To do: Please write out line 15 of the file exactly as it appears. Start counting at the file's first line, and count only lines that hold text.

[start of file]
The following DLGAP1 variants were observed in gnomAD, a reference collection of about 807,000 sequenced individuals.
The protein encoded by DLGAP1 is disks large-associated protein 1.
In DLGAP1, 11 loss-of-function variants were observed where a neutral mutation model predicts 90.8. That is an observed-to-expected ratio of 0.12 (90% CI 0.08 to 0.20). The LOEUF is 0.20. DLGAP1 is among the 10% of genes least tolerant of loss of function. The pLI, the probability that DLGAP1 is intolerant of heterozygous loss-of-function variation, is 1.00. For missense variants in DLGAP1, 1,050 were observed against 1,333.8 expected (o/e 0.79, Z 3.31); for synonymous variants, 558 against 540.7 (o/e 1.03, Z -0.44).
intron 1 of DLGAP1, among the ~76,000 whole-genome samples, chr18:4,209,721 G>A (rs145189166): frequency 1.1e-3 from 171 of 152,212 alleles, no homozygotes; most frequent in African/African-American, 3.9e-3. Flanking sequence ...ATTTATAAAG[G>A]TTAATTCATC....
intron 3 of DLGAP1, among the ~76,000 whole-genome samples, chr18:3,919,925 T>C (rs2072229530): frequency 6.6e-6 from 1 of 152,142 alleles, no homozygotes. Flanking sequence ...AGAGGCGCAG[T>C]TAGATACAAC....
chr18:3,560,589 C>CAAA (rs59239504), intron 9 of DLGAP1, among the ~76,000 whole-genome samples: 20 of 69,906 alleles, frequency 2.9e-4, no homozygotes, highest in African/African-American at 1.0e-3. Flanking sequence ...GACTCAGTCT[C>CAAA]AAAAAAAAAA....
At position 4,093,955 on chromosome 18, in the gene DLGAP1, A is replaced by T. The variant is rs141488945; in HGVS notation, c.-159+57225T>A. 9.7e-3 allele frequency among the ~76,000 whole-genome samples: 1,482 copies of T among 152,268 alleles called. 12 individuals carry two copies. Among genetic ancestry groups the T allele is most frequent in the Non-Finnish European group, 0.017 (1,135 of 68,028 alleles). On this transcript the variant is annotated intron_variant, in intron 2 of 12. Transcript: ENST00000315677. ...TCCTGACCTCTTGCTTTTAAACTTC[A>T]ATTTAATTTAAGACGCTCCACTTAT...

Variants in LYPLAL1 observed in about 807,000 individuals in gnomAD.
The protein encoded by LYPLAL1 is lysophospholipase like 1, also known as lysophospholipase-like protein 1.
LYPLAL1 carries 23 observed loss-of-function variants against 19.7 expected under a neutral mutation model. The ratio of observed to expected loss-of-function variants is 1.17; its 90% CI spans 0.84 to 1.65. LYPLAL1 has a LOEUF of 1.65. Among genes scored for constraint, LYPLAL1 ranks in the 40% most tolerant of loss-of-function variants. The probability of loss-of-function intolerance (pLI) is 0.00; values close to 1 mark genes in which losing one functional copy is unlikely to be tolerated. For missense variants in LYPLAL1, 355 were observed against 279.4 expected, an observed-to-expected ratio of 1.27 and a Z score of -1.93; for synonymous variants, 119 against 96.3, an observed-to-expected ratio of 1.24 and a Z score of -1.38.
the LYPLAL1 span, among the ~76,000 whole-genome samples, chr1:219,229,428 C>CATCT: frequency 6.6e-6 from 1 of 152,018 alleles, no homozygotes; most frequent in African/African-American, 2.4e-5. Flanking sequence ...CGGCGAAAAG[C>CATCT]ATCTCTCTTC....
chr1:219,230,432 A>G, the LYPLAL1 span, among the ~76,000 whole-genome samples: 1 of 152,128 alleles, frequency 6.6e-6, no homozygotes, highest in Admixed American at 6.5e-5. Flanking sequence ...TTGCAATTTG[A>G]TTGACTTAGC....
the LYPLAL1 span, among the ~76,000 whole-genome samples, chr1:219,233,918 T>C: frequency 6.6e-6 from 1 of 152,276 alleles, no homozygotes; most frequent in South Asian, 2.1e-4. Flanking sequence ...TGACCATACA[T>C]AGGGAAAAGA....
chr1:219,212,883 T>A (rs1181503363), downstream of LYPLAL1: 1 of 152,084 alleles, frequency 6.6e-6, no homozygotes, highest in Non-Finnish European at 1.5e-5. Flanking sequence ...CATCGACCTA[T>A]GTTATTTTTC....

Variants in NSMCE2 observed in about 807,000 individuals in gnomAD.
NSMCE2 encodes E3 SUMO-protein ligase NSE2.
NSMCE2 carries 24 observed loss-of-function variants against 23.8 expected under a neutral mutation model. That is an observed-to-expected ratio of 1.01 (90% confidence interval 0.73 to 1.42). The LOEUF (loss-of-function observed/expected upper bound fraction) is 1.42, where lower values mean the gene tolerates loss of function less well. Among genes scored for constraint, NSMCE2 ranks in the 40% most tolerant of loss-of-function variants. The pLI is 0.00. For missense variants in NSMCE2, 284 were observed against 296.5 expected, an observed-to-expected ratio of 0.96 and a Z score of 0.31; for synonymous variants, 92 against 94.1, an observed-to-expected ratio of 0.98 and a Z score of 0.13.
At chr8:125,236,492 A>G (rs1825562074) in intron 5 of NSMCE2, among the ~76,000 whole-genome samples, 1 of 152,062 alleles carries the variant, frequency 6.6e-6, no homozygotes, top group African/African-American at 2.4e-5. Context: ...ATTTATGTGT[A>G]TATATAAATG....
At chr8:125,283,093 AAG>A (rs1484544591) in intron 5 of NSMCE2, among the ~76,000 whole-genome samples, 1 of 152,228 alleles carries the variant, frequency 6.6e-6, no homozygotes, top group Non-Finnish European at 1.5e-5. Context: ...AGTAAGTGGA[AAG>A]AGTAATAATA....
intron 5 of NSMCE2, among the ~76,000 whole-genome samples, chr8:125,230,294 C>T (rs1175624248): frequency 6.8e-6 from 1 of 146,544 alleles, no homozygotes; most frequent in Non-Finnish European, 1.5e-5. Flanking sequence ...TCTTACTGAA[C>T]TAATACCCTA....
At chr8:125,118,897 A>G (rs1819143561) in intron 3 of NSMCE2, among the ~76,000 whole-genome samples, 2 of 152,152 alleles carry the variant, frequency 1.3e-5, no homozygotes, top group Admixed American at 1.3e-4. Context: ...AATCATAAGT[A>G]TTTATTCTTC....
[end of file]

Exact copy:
Variants in NSMCE2 observed in about 807,000 individuals in gnomAD.